"Mum, I’ve been on the defensive all these years. I’ve been sitting back and taking the knocks. So’ve you. It was forced on us. But now I need to go out and attack. Achieve something. Find fulfilment of my very own. I’ve started already. It’s Joe who’s set me going. And I need him beside me – close beside me – if I’m going to get anywhere.

"Mum, I read once about someone who was ‘longing for acceptance, for love, for peace.’ That’s me too. I need those things. Oh, I know you’ve always accepted me and loved me, as my mother. But you’re the only person who ever has, and neither of us has had much peace. And now you know I’m gay. So I think you do understand that I need a man to accept me and love me too. A man to reassure me and strengthen me. To give me peace. Joe’s doing all of those. You’ve said you’re glad he’s here to give me friendship. Maybe you’ll say that he can love me without sex. Be a close friend, if you like. But it’s too late. ‘Friendship is love, without his wings’ – remember that Byron we read? And now I know what it means. Joe’s more than a friend. He loves me already, and his love has wings."

"And you can’t clip the wings off love," I added. "Another thing Byron said: ‘friendship may, and often does, grow into love, but love never subsides into friendship’."

There was a long silence. "I’m still not sure," said Sue at last. "Don’t get me wrong. I think you may have persuaded me, between you, that Luke’s not too young. And Joe, if it has to be anyone, it has to be you. But my other qualm was about this paedophilia business. Am I too idealistic in wanting to see love as pure and clean? But how can it be, when Luke’s overshadowed by what his father did? When I see you, Joe, as a potential abuser?"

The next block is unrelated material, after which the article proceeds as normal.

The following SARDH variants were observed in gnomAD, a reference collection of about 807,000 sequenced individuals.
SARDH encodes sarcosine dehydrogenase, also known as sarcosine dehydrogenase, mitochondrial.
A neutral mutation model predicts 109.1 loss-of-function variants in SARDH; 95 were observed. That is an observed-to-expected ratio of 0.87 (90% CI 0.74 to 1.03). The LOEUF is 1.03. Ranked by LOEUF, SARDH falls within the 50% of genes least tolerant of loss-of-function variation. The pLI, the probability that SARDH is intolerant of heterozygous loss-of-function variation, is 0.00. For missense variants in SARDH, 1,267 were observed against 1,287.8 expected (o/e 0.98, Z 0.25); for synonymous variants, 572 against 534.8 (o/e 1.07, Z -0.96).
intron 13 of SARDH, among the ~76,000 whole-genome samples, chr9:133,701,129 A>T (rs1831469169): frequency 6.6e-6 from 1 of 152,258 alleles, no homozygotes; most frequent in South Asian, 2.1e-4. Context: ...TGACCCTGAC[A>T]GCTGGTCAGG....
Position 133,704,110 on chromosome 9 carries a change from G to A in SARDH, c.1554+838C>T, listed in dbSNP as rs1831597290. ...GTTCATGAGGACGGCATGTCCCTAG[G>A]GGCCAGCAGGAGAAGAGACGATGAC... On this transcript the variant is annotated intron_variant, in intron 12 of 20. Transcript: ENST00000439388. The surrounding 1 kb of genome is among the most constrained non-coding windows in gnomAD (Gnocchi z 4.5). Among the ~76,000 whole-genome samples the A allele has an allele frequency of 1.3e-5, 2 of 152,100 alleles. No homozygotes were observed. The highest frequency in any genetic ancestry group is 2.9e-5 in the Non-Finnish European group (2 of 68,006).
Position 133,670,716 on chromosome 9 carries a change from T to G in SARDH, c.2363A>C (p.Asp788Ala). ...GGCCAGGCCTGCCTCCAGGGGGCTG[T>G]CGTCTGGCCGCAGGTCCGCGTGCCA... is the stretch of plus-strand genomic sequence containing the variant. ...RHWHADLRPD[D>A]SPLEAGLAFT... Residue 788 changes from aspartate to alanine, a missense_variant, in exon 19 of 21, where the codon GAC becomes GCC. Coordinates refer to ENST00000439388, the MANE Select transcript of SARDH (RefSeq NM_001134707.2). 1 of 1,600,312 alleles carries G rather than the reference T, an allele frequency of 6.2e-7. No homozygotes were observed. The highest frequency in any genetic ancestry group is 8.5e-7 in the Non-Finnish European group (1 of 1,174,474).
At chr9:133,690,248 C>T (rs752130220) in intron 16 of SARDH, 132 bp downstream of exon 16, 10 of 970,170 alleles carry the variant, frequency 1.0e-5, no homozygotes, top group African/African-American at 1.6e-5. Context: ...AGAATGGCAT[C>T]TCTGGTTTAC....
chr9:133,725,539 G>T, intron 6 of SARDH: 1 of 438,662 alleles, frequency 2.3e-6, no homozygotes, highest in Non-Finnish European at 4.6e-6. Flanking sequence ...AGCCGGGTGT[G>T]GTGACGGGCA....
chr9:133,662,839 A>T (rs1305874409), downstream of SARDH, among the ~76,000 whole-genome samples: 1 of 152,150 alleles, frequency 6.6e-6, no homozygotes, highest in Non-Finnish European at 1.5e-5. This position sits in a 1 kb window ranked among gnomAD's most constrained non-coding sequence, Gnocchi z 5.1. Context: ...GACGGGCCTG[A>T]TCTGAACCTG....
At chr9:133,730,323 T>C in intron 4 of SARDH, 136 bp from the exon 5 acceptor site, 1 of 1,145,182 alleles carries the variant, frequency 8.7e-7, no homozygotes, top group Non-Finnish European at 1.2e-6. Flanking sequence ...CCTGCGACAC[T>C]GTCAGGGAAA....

Evidently time for my final fling, as we’d rehearsed it but somewhat updated. "Sue, you’ve both been through a hell which I’ve only heard about at second hand. We’re all agreed on one thing, that paedophilia’s a perversion, of gayness and of sexuality. But our love has nothing to do with that. We all know that’s true, with our heads. Yet our hearts are another matter. We’re all haunted, poisoned, by thoughts of paedophilia. You’re terrified because you see it everywhere, even where it doesn’t exist. Don’t think I’m blaming you – it’s the result of your experiences. But you’re the one it’s overshadowed most. Your preoccupation’s rubbed off on Luke. So he feels dirty. He fears he’s inherited it, and been contaminated. And it’s rubbed off on me. So I’m afraid of you seeing me as a paedophile, or making me see myself as one.

"Sue, this afternoon you’ve already banished your fears of persecution. There’s no longer any substance in them. You’re certain of that now. Banish your fears of paedophilia too, because there’s no substance in them either, in any of them. They belong to the past, not the future. Let’s all of us put all those fears behind us. They need to be exorcised. We need to be purified of them. Once they’re out of the way, you’ll see that the love I’m offering Luke is as pure and clean as you could wish. So’s the love he’s offering me. An offering in righteousness."